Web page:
I just use the compooter. I like decoding them myself for the brain exercise. Plus, I like being able to pick apart the stereo files. that's very cool that you have a Tate. I should go back and check my dvd to make sure I didn't miss the encoded track.
 

kfbkfb

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So...has anyone compared the QS decoded Tommy soundtrack LP with the 5 ch soundtrack from the Blu-ray (mainly, LB and RB [QS decoded] and LB and RB from the Blu-ray)?


Kirk Bayne
 

quadaholic

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So...has anyone compared the QS decoded Tommy soundtrack LP with the 5 ch soundtrack from the Blu-ray (mainly, LB and RB [QS decoded] and LB and RB from the Blu-ray)?


Kirk Bayne
I would say "yes I have" to a certain degree. So far I think they are nothing alike, but I am not sure if I have found a "rip" that is supposed to be honest to gosh QS. The movie audio has a lot more of the sound efx mixed in, plus very dry and up front vocals, while the audio on the soundtrack album contains much less of this. The soundtrack album rips I have checked out so far seem very much stereo only, but I am not enough of an expert to say that there aren't QS versions of this album that I haven't found yet (If anybody has any hints on where to find these versions, please pm, as I'm always interested in learning new stuff). QS can be very confusing, as doing a QS decode of a plain stereo track often sounds pretty cool, but doesn't make it QS ( I have made this mistake before). From what I understand, QS relies on a good deal of 180 degree and -90 degree phase info for the back channels, which the soundtrack albums show virtually none of. there should be a good deal of this stuff, as the movie audio is pretty active with the back channels from what I remember. Once again, I am not the end all, but that is what I have found so far. To anyone else on the forum, feel free to correct me, as I don't mind being shown to be wrong. I'm more interested in the learning curve, to be honest.
 

atrocity

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The movie audio has a lot more of the sound efx mixed in, plus very dry and up front vocals, while the audio on the soundtrack album contains much less of this.
Yeah, with this as with other titles I'm always extremely skeptical of the occasional claim that "Well, the movie was mixed in [QS, Dolby Surround, Whatever], so the soundtrack album is encoded too!" A mix that would make sense to someone watching the movie is not necessarily going to make sense as an audio-only experience, in part because of the sound effects you mention. In most cases, a soundtrack album would have to have been explicitly encoded after creating the unique album mix. It seems...unlikely.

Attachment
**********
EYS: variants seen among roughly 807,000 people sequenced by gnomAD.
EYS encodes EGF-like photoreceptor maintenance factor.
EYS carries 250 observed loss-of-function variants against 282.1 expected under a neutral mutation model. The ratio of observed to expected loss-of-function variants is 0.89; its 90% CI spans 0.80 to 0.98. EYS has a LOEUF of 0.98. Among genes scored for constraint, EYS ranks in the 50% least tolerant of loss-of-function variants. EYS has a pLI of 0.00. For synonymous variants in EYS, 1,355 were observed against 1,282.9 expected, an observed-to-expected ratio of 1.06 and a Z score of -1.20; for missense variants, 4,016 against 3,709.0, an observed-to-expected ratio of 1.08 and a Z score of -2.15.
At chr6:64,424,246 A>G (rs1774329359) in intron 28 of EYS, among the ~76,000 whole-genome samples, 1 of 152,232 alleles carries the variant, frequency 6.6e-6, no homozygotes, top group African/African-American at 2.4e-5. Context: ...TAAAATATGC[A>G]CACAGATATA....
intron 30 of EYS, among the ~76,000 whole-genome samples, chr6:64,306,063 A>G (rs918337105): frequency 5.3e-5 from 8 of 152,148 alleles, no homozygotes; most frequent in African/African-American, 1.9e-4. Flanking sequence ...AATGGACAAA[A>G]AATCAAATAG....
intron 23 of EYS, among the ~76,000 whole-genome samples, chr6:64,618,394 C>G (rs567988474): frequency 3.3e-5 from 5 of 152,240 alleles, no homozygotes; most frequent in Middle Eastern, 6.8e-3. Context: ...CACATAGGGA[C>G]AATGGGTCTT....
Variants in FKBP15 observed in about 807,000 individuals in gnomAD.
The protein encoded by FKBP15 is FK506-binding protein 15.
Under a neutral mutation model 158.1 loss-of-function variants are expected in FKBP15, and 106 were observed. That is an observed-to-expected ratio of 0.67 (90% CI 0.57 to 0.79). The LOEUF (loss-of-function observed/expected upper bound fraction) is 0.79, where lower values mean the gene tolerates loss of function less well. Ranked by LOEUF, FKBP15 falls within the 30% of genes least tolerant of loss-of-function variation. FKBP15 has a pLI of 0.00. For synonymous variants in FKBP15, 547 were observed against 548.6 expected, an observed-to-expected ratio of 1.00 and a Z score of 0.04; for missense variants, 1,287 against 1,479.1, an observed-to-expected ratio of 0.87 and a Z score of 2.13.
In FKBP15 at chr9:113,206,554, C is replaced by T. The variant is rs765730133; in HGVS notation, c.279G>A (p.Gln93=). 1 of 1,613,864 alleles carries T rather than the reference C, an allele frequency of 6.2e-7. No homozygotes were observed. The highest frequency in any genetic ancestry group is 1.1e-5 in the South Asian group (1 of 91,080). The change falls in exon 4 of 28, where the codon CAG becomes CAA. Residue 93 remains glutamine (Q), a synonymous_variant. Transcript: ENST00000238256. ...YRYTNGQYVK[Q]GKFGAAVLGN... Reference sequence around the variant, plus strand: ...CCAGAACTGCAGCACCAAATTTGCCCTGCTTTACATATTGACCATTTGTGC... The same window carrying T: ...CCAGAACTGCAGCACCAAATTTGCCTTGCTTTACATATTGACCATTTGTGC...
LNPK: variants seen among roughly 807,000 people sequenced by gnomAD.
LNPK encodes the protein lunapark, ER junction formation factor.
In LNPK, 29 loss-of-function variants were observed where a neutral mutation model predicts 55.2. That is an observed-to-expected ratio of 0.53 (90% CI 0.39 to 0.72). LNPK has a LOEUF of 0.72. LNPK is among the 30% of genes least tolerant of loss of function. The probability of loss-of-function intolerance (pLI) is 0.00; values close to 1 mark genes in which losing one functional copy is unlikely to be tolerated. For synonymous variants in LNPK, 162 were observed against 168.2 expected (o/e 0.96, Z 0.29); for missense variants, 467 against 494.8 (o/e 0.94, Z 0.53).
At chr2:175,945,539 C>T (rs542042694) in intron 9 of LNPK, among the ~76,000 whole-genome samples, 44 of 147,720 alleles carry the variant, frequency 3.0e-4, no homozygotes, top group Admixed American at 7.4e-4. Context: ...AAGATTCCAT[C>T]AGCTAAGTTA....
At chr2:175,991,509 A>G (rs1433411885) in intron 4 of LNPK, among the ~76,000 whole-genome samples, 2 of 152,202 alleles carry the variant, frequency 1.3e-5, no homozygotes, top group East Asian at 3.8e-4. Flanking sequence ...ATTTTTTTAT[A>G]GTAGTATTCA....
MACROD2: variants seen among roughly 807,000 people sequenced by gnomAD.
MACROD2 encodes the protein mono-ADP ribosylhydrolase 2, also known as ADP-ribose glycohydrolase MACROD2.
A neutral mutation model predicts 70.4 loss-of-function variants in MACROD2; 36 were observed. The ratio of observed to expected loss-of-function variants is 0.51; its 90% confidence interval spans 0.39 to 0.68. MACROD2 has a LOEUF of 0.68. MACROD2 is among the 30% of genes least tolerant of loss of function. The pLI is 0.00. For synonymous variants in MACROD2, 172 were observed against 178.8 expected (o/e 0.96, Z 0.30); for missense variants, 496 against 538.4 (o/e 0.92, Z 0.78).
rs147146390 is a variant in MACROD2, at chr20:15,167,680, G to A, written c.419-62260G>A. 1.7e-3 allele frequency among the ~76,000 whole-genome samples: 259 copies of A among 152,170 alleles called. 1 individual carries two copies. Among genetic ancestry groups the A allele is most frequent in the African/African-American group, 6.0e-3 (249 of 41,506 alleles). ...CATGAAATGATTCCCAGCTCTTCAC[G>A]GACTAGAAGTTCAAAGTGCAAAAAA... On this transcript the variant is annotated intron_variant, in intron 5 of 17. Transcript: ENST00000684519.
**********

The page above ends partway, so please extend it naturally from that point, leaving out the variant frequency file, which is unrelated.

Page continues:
It's hardly just an issue with quad material--going way back there was never a certainty that even the basic performances on a "soundtrack" album would be the same as what actually appeared in/on the film, let alone the mixes. One infamous example is The Rocky Horror Picture Show where the original film release was strictly mono. After a few years when its cult status went through the roof, the studio created film prints with a stereo soundtrack that allegedly just replaced the film versions of the songs with the album versions, resulting in notable changes as well as sync issues because they weren't the same recordings.

As may already have been mentioned in relation to Tommy, the original QS encoded 35mm mag tracks wouldn't have been useful at all for a quad album release because the left-right stereo tracks that carried the encoding would not have contained any of the center channel audio. That isn't proof that there were no encoded albums released, but in my head it is evidence that "The movie was encoded, so the album must be" argument is spurious.
 

quadaholic

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Yeah, with this as with other titles I'm always extremely skeptical of the occasional claim that "Well, the movie was mixed in [QS, Dolby Surround, Whatever], so the soundtrack album is encoded too!" A mix that would make sense to someone watching the movie is not necessarily going to make sense as an audio-only experience, in part because of the sound effects you mention. In most cases, a soundtrack album would have to have been explicitly encoded after creating the unique album mix. It seems...unlikely.

It's hardly just an issue with quad material--going way back there was never a certainty that even the basic performances on a "soundtrack" album would be the same as what actually appeared in/on the film, let alone the mixes. One infamous example is The Rocky Horror Picture Show where the original film release was strictly mono. After a few years when its cult status went through the roof, the studio created film prints with a stereo soundtrack that allegedly just replaced the film versions of the songs with the album versions, resulting in notable changes as well as sync issues because they weren't the same recordings.

As may already have been mentioned in relation to Tommy, the original QS encoded 35mm mag tracks wouldn't have been useful at all for a quad album release because the left-right stereo tracks that carried the encoding would not have contained any of the center channel audio. That isn't proof that there were no encoded albums released, but in my head it is evidence that "The movie was encoded, so the album must be" argument is spurious.